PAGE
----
2019 Penny Pether Prize (ECR) Winner

Figuring Victims in International Criminal Justice
The case of the Khmer Rouge Tribunal

By Dr Maria Elander

Most discourses on victims in international criminal justice take the subject of victims for granted, as an identity and category existing exogenously to the judicial process. This book takes a different approach. Through a close reading of the institutional practices of one particular court, it demonstrates how court practices produce the subjectivity of the victim, a subjectivity that is profoundly of law and endogenous to the enterprise of international criminal justice. Furthermore, by situating these figurations within the larger aspirations of the court, the book shows how victims have come to constitute and represent the link between international criminal law and the enterprise of transitional justice. The book takes as its primary example the Extraordinary Chambers in the Courts of Cambodia (ECCC), or the Khmer Rouge Tribunal as it is also called. Focusing on the representation of victims in crimes against humanity, victim participation and photographic images, the book engages with a range of debates and scholarship in law, feminist theory and cultural legal theory. Furthermore, by paying attention to a broader range of institutional practices, Figuring Victims makes an innovative scholarly contribution to the debates on the roles and purposes of international criminal justice.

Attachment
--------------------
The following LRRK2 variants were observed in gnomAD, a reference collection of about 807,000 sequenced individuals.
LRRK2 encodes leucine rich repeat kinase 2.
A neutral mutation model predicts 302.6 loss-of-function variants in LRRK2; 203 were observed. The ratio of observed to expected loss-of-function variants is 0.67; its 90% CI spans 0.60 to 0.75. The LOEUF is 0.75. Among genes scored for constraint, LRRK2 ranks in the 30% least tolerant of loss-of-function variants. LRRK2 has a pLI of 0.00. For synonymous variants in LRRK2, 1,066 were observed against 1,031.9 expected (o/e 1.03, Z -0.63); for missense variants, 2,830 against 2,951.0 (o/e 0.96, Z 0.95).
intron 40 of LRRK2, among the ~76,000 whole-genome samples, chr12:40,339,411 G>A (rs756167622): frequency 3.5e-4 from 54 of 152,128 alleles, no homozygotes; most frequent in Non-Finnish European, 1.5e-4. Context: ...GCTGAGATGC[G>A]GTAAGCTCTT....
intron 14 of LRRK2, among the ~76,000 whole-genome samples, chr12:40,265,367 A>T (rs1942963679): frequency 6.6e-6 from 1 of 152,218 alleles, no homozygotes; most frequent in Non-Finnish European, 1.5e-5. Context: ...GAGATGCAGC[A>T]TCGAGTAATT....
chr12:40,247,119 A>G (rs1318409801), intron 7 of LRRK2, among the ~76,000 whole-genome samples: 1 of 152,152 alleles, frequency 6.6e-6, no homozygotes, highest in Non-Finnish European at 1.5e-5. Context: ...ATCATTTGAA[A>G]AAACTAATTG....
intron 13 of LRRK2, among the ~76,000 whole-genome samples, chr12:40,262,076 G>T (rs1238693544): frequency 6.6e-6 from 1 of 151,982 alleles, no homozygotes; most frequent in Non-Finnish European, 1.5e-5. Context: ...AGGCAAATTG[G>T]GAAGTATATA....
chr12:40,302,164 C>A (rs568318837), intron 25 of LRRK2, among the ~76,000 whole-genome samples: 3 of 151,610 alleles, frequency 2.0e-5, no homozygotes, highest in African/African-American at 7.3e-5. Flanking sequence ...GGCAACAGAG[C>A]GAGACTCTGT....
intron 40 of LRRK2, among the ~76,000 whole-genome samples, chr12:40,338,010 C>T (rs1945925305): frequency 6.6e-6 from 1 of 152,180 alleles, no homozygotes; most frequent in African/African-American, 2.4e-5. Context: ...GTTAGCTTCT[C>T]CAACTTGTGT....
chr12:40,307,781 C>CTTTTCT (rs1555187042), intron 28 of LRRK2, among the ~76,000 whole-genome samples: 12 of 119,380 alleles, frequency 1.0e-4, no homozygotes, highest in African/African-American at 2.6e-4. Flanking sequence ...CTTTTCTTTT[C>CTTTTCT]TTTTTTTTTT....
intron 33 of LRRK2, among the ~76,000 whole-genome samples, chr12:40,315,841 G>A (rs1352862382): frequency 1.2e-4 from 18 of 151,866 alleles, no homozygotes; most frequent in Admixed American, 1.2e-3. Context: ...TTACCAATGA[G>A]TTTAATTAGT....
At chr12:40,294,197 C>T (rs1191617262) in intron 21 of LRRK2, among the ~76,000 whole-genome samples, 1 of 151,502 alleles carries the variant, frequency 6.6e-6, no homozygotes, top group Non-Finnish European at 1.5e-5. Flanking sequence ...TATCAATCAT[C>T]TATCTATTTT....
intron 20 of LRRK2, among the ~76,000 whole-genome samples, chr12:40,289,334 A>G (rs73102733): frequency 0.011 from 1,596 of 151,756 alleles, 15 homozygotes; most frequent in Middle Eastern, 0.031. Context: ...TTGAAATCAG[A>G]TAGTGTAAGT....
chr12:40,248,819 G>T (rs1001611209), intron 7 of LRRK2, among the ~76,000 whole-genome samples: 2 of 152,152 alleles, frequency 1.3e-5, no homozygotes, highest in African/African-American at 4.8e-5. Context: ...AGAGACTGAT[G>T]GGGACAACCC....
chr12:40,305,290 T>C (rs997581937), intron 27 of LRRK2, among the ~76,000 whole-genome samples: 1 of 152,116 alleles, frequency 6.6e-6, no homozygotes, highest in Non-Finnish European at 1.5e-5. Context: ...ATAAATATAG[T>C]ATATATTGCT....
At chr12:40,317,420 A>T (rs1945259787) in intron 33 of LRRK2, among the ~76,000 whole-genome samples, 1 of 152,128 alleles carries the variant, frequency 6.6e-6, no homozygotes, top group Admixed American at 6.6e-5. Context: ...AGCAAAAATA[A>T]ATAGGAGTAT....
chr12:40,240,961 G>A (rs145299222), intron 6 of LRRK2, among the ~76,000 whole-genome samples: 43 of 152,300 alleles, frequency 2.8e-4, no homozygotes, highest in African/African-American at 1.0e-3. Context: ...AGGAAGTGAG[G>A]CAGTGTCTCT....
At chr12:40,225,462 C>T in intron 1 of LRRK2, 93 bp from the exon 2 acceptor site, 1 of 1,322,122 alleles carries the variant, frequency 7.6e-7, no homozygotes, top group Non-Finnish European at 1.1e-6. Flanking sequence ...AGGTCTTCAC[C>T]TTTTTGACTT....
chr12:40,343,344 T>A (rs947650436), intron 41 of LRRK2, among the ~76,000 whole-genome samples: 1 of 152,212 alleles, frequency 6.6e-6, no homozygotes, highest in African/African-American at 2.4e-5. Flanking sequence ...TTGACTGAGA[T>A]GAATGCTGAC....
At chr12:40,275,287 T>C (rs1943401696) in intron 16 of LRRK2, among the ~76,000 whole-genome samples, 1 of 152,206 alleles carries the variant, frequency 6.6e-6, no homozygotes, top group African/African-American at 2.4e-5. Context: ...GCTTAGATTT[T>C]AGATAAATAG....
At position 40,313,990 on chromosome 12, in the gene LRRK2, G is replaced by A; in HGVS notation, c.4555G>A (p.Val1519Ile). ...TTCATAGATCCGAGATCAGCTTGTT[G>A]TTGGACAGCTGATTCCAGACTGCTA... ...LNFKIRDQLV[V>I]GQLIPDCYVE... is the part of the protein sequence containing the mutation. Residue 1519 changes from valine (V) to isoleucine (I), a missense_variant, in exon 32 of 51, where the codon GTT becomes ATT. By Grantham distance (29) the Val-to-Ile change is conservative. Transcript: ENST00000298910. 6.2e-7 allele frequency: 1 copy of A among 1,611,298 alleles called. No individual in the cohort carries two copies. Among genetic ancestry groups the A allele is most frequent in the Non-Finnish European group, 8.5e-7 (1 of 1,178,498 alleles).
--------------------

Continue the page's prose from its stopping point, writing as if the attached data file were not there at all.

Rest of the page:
2019 Penny Pether Prize (ECR) Winner

Figuring Victims in International Criminal Justice
The case of the Khmer Rouge Tribunal

By Dr Maria Elander

Most discourses on victims in international criminal justice take the subject of victims for granted, as an identity and category existing exogenously to the judicial process. This book takes a different approach. Through a close reading of the institutional practices of one particular court, it demonstrates how court practices produce the subjectivity of the victim, a subjectivity that is profoundly of law and endogenous to the enterprise of international criminal justice. Furthermore, by situating these figurations within the larger aspirations of the court, the book shows how victims have come to constitute and represent the link between international criminal law and the enterprise of transitional justice. The book takes as its primary example the Extraordinary Chambers in the Courts of Cambodia (ECCC), or the Khmer Rouge Tribunal as it is also called. Focusing on the representation of victims in crimes against humanity, victim participation and photographic images, the book engages with a range of debates and scholarship in law, feminist theory and cultural legal theory. Furthermore, by paying attention to a broader range of institutional practices, Figuring Victims makes an innovative scholarly contribution to the debates on the roles and purposes of international criminal justice.